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Some monographs feel as if they have slotted themselves – like a puzzle-piece – snugly into the picture presented by our extant historiography. And just like single parts of a complex jig-saw, these works often add brilliantly to the overall image.
I knew David Hey for 30 years, and it is with great sadness that I offer this review of his last and posthumous book. I recall well how I first met him. It was Easter 1985 and I was on my way to the British Agricultural History Society conference to give a paper. I hadn’t been to that conference before, nor had I ever given a paper to a conference (as opposed to a seminar).
Texas is in the midst of an identity crisis. Some historians, such as Walter Buenger in Path to a Modern South, argue that Texas has a strong connection to the South. Others, like Glen Ely in his new book Where the West Begins, contend that Texas – especially West Texas – is closely linked to the American West.
A biography conventionally covers a whole life and the term is now popular with publishers as a substitute for the word history. We see it applied in recent titles to a city, a river, a building and now an organisation.
I was looking forward to reading this book very much, mainly because the study of the shipbuilding industry, on Tyneside in particular, has been a personal interest for ten years, providing the subject for a PhD thesis as well as other works.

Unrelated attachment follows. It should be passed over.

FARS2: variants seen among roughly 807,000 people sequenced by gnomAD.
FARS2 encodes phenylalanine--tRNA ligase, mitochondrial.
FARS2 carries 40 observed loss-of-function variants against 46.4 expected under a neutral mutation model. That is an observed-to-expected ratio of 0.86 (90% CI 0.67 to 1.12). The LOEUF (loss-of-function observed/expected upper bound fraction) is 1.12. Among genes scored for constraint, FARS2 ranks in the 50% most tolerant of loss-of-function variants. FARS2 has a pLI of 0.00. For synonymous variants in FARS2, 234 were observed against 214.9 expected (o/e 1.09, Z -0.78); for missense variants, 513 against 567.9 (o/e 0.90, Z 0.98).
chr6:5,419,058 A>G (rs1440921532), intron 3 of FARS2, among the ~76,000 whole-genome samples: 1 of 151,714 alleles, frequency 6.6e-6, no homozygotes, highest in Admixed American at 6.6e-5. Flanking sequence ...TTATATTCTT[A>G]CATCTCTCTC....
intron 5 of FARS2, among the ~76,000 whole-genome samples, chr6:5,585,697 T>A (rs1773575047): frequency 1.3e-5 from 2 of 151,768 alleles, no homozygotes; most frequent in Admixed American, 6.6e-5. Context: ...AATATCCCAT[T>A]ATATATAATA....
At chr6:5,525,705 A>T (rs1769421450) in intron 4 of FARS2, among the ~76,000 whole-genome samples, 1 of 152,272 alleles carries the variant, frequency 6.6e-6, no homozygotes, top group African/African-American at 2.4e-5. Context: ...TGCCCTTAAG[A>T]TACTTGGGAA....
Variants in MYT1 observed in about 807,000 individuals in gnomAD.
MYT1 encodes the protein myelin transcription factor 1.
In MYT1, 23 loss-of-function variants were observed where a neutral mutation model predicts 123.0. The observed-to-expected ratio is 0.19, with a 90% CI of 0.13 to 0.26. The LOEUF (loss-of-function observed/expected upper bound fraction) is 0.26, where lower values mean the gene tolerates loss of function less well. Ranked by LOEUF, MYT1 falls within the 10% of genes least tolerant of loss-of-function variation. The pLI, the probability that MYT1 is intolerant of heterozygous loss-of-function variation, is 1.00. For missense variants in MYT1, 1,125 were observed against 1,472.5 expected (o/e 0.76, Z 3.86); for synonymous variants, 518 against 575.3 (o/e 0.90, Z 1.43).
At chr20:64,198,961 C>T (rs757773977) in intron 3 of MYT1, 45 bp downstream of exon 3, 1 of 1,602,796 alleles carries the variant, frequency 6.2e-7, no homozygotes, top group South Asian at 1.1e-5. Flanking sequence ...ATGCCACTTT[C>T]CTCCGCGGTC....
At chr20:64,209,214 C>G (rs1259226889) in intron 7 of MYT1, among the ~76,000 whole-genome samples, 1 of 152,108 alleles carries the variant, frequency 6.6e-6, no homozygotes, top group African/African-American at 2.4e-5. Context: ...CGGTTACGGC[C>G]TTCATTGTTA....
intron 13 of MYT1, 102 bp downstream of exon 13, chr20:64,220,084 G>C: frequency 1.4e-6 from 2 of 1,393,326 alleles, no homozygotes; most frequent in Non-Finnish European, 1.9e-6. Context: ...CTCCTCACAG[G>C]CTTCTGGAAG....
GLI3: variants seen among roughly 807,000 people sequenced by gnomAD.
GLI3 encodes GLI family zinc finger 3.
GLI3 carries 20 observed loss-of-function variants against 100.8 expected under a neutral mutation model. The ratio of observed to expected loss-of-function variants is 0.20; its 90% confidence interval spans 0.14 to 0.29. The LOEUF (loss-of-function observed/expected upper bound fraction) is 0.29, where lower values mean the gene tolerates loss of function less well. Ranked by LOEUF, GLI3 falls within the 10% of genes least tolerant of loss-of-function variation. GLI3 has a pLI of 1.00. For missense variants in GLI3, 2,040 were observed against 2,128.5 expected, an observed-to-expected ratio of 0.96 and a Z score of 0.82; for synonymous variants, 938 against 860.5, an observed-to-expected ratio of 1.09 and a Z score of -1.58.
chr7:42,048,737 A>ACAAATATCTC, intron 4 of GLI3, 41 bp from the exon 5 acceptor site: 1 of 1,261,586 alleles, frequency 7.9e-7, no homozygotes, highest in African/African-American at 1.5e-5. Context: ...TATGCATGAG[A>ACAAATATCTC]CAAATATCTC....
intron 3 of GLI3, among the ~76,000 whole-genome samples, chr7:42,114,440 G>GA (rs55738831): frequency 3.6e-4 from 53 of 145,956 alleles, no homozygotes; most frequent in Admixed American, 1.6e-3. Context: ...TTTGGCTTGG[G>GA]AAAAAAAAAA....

Reports of the death of the Mediterranean – on some accounts from pollution, on others from conceptual redundancy – have proved exaggerated. Conceptually, at least, ‘The Mediterranean’ flourishes as never before: an idea more than a sea. It seems ubiquitous on web sites and in book and journal titles as well as on conference posters, not to mention political action plans.
The clash between radicalism and loyalism in the early industrial revolution period created the basic progressive-conservative political divide that was to structure British politics until the fall of communism.
The Recycling of the English Middle Class
In the essentially voluntary world of religious practice that was brought into being by the Toleration Act of 1689, the Church of England was compelled to compete for the allegiance of its members.
This collection of essays arises from a conference hosted by the Centre for Metropolitan History at the Institute of Historical Research on 13 April 2000 entitled ‘Revisiting the Livery Companies’.